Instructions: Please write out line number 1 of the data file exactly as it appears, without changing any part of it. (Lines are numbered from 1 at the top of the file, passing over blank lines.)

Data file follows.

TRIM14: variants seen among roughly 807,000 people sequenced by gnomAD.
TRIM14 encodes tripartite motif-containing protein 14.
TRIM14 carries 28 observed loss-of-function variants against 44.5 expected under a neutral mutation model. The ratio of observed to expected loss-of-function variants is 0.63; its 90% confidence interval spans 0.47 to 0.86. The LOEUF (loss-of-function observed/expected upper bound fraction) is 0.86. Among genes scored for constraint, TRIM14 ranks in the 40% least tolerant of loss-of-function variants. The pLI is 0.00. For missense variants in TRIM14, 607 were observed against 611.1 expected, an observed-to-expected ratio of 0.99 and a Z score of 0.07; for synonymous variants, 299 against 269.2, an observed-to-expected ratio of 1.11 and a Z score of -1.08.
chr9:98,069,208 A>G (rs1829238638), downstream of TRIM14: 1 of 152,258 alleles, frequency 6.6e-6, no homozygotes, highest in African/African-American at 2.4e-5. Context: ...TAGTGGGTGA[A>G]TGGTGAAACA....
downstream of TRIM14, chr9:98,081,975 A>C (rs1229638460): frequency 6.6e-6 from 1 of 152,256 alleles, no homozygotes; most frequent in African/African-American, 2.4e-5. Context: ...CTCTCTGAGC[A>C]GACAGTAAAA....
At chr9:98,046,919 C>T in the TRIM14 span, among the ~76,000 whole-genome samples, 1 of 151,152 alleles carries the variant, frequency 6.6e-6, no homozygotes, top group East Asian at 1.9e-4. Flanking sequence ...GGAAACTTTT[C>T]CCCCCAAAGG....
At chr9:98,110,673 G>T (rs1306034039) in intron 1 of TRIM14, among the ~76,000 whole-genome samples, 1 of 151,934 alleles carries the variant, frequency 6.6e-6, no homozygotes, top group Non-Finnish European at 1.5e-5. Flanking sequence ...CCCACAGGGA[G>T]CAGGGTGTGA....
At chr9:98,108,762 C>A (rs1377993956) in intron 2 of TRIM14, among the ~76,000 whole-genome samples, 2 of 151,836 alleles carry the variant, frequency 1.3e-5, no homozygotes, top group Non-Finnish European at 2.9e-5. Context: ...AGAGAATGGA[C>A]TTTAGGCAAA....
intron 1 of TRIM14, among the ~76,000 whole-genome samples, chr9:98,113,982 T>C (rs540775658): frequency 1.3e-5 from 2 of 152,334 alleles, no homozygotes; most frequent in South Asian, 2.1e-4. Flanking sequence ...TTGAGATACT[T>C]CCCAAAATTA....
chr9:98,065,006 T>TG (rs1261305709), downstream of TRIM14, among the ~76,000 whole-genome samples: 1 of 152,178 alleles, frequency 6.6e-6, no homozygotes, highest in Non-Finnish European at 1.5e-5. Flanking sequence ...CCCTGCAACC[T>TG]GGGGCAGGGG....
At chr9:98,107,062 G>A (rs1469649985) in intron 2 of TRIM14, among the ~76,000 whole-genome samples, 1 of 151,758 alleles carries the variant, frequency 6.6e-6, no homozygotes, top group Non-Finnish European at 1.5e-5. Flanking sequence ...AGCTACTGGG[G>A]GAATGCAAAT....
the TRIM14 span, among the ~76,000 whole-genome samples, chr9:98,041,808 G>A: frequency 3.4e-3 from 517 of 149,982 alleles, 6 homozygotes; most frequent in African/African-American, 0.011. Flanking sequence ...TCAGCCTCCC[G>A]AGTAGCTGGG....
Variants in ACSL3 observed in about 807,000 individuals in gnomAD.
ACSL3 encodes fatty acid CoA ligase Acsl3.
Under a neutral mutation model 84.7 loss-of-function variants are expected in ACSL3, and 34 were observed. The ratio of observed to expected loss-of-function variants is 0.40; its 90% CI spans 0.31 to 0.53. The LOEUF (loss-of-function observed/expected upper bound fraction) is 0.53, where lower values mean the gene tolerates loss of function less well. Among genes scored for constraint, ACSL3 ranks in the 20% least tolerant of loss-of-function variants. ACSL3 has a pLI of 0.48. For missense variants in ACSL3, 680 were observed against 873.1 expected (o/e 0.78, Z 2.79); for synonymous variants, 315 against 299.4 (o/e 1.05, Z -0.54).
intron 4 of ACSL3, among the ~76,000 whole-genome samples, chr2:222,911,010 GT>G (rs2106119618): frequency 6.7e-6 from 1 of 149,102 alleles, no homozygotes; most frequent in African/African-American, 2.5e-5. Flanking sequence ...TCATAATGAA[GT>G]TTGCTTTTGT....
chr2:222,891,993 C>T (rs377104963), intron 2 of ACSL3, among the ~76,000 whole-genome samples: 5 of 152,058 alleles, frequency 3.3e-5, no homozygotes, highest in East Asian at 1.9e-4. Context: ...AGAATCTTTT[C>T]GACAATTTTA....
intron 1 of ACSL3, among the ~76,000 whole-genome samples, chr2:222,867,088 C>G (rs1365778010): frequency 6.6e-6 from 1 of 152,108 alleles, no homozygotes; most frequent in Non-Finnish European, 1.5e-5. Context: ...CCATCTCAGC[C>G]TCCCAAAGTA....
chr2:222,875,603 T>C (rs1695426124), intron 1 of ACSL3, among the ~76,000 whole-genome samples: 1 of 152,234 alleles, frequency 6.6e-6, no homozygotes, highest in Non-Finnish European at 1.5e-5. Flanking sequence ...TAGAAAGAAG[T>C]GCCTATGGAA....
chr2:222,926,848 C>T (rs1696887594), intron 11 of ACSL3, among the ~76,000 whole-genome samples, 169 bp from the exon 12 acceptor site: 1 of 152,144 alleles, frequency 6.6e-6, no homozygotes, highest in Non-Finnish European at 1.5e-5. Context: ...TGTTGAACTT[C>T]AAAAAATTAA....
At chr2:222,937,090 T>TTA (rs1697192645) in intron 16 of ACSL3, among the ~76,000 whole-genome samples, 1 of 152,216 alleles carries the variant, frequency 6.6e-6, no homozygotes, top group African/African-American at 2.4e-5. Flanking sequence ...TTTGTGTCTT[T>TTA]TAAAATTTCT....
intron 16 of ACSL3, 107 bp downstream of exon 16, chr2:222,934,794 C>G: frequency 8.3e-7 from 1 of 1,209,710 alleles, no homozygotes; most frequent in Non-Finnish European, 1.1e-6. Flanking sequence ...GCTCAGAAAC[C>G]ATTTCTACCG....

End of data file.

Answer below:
TRIM14: variants seen among roughly 807,000 people sequenced by gnomAD.